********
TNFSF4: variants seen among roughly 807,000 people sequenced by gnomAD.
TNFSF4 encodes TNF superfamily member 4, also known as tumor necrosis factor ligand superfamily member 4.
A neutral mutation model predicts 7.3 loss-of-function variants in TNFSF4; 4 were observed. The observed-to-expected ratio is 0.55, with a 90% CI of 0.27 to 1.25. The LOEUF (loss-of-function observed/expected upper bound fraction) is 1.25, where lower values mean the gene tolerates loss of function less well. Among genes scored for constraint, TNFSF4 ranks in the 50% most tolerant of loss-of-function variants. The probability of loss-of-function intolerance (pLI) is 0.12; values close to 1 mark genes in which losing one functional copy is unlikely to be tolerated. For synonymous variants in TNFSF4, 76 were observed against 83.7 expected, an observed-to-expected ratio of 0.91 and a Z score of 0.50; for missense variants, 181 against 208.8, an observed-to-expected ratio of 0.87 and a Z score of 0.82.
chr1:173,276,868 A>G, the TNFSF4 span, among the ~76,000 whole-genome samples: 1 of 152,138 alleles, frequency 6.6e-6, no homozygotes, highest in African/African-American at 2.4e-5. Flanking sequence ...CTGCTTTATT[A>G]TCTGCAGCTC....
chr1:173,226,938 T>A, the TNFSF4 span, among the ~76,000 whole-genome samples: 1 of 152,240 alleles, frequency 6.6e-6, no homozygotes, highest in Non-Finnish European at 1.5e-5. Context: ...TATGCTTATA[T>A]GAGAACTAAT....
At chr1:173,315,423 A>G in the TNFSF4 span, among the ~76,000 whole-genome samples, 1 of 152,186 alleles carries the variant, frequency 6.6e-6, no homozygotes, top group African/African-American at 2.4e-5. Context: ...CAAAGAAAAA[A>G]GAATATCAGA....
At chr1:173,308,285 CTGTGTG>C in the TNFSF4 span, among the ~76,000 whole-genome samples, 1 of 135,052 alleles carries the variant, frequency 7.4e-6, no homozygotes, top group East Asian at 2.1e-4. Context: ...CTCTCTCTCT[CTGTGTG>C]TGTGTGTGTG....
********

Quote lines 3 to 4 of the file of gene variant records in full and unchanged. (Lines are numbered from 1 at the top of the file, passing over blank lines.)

A neutral mutation model predicts 7.3 loss-of-function variants in TNFSF4; 4 were observed. The observed-to-expected ratio is 0.55, with a 90% CI of 0.27 to 1.25. The LOEUF (loss-of-function observed/expected upper bound fraction) is 1.25, where lower values mean the gene tolerates loss of function less well. Among genes scored for constraint, TNFSF4 ranks in the 50% most tolerant of loss-of-function variants. The probability of loss-of-function intolerance (pLI) is 0.12; values close to 1 mark genes in which losing one functional copy is unlikely to be tolerated. For synonymous variants in TNFSF4, 76 were observed against 83.7 expected, an observed-to-expected ratio of 0.91 and a Z score of 0.50; for missense variants, 181 against 208.8, an observed-to-expected ratio of 0.87 and a Z score of 0.82.
chr1:173,276,868 A>G, the TNFSF4 span, among the ~76,000 whole-genome samples: 1 of 152,138 alleles, frequency 6.6e-6, no homozygotes, highest in African/African-American at 2.4e-5. Flanking sequence ...CTGCTTTATT[A>G]TCTGCAGCTC....